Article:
Apart from being a natural wonder, the lake has great social and economic value to residents of La Brea in particular and citizens of Trinidad and Tobago. However, its benefit is far reaching, including both to the Caribbean community and to other countries of the world.
Experts have, over the past century, put forward conflicting opinions as to the origin of this unique deposit. An early theory was that of a mud volcano liberating an enormous volume of petroleum and mineral matter in a state of protracted agitation during which the volatile constituents were dissipated and the heavy bituminous residue became uniformly homo-genized with the fine clay and silica minerals, water and gas has now been superseded by the conclusions of Dr. Kugler and others as a result of later researches and more advanced environmental knowledge.
During Laramian folding a gentle anticline of upper Cretaceous and Paleocene rocks was formed below the present Lake. This led to the separation of gas, oil and water inside the structure. The Upper Eocene transgression removed the Navet and part of the Chaudiere formations which resulted in a dispersal of most of the gas and lighter oils. Renewed folding movements and additional fracturing took place prior to the transgression of the Nariva Sea when asphaltic viscous oil, heavier than water: started to flow onto the shallow muddy sea floor.
Sediments with their foraminiferal fauna covered repeated flows of the oil kept in agitation by a continuous flow of gas, thus mechanically mixing detrital matter with the inspissated oil and water to an emulsion. Due to its viscosity, the mass of oil held together and it gradually grew to an inverted cone surrounded by the increasing thickness of the sediments. After the deposition of about two thousand (2000) feet of sediments, it may be assumed that the mass of asphalt was probably buried and little seepage of oil took place. During the later Oligocene structural movements, a further dispersal of Cretaceous oil took place. Every crack and fissure was injected by plastic bitumen that subsequently lost its volatile parts and formed the pencillate bitumen (Manjak) dikes partly found on the Upper Cretaceous itself. During the latest Pliocene movements, it appears that the mass of asphalt at the base of the Nariva beds had an opportunity to ascend along the intersection of two major faults that met near the centre of the present Lake. The asphalt flowed into the shallow mangrove lagoon of Upper La Brea in time and grew again as an inverted cone during the deposition of the youngest sediments.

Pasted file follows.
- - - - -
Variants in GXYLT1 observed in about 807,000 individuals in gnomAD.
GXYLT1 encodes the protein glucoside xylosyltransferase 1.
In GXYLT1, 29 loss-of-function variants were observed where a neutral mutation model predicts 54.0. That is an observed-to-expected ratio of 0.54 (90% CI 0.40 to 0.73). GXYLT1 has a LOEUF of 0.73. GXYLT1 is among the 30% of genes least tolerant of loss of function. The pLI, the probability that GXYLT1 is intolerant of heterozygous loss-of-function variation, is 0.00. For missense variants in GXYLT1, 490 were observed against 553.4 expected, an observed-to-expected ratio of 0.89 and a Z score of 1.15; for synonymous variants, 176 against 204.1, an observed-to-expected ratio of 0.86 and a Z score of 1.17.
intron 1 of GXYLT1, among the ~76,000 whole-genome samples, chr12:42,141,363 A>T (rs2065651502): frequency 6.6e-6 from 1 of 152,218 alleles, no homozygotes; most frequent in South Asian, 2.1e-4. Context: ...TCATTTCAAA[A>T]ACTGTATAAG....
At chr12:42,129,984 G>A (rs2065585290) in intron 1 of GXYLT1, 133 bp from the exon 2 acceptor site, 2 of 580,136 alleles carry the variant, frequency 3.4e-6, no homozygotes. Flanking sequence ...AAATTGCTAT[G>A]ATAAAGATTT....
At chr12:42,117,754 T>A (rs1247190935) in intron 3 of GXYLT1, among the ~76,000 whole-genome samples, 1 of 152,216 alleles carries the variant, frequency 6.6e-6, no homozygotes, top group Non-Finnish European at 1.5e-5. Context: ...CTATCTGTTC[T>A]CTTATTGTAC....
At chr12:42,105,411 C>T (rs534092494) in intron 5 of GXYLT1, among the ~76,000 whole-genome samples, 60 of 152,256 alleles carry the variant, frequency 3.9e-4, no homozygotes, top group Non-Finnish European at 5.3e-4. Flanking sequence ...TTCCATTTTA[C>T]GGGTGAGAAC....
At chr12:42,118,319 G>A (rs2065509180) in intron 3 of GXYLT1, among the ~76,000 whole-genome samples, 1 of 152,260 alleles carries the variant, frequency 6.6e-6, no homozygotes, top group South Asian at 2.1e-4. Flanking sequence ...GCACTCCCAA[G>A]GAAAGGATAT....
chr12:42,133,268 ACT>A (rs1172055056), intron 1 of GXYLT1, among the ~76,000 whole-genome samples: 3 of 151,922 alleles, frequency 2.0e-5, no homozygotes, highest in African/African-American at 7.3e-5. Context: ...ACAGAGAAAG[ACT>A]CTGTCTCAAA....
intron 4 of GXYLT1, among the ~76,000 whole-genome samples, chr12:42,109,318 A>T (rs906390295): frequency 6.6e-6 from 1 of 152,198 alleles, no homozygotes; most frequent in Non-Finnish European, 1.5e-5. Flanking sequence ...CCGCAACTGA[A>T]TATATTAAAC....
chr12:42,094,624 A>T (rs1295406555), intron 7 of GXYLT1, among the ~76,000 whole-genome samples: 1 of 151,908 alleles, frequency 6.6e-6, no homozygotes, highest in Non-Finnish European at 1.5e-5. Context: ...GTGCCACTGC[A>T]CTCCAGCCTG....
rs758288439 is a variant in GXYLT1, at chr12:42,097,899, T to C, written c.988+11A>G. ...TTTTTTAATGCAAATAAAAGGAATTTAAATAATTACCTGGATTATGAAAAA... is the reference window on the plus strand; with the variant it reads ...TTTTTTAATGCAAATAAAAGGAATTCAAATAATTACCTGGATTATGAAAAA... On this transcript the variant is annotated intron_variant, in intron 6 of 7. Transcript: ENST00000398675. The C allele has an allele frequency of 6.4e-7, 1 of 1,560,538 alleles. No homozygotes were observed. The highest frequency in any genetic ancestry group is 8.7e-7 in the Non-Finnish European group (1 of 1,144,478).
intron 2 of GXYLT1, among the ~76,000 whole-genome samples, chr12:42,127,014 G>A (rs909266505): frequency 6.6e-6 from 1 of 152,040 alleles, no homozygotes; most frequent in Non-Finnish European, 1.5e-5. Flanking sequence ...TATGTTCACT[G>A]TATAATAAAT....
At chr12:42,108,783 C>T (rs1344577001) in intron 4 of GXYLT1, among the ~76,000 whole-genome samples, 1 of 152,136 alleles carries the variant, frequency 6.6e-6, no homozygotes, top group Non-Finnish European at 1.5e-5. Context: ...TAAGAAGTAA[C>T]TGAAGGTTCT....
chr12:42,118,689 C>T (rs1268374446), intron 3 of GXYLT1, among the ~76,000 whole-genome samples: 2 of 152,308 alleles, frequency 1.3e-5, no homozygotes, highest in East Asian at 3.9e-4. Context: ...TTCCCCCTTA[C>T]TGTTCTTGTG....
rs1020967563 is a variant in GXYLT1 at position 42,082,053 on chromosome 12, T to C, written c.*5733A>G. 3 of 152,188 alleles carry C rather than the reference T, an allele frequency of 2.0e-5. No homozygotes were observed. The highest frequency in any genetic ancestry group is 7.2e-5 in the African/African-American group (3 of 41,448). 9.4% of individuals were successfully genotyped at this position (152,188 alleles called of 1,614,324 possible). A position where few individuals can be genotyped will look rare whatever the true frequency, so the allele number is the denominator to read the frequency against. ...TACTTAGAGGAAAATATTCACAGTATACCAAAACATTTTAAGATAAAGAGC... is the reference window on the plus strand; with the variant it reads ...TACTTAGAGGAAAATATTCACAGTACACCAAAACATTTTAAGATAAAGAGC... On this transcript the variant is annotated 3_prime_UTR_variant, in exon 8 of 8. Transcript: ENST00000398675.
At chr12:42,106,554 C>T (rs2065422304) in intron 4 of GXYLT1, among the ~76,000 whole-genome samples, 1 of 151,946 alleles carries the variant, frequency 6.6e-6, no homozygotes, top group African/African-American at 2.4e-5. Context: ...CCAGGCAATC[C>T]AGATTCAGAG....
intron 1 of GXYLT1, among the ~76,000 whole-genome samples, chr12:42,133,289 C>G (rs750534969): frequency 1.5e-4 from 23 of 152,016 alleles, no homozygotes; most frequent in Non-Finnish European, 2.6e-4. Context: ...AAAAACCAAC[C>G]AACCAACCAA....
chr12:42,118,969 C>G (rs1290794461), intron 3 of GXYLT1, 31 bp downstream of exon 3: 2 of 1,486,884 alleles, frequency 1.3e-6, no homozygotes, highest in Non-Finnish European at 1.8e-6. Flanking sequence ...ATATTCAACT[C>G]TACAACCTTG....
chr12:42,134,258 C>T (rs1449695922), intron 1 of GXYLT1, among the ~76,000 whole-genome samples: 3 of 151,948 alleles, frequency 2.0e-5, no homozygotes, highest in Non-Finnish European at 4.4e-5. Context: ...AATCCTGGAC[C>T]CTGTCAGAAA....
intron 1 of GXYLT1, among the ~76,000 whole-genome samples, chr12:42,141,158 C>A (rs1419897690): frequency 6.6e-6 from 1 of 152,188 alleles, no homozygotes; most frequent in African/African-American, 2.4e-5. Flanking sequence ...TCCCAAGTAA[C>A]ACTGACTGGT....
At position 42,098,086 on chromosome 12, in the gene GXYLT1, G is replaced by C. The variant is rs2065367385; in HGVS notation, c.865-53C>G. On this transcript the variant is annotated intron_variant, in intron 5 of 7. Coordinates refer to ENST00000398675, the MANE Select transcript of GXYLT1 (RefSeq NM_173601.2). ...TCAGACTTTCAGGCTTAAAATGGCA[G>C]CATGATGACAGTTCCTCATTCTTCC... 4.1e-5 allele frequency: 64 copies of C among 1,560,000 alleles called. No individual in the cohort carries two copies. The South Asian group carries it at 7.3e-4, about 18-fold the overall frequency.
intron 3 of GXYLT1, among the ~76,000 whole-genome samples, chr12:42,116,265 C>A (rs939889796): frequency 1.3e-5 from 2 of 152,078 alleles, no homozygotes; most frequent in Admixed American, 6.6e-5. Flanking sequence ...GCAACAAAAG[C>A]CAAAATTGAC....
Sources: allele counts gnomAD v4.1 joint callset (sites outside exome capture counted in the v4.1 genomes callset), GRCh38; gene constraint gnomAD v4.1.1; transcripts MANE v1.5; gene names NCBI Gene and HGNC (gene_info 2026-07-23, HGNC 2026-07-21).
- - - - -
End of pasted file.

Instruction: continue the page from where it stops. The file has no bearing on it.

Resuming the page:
Later, the Gulf of Paria broke in through the Northern Bocas (the narrow sea passages separating Trinidad from the adjacent islands and the mainland of Venezuela) and the erosive waves reached the Pitch Lake area with its large surface sheet of asphalt covering perhaps three thousand (3000) acres. The asphalt flowed down the forming cliffs and protected them, but large masses now lie in the sea off La Brea village. The erosion swept inland and the peninsula of La Brea was formed, protected by the asphalt covering.
The La Brea Pitch Lake is the largest and most significant pitch lake in the world. The natural phenomenon of Pitch Lakes is an important aspect of earth's history as it relates to the formation of crude oil and natural gas.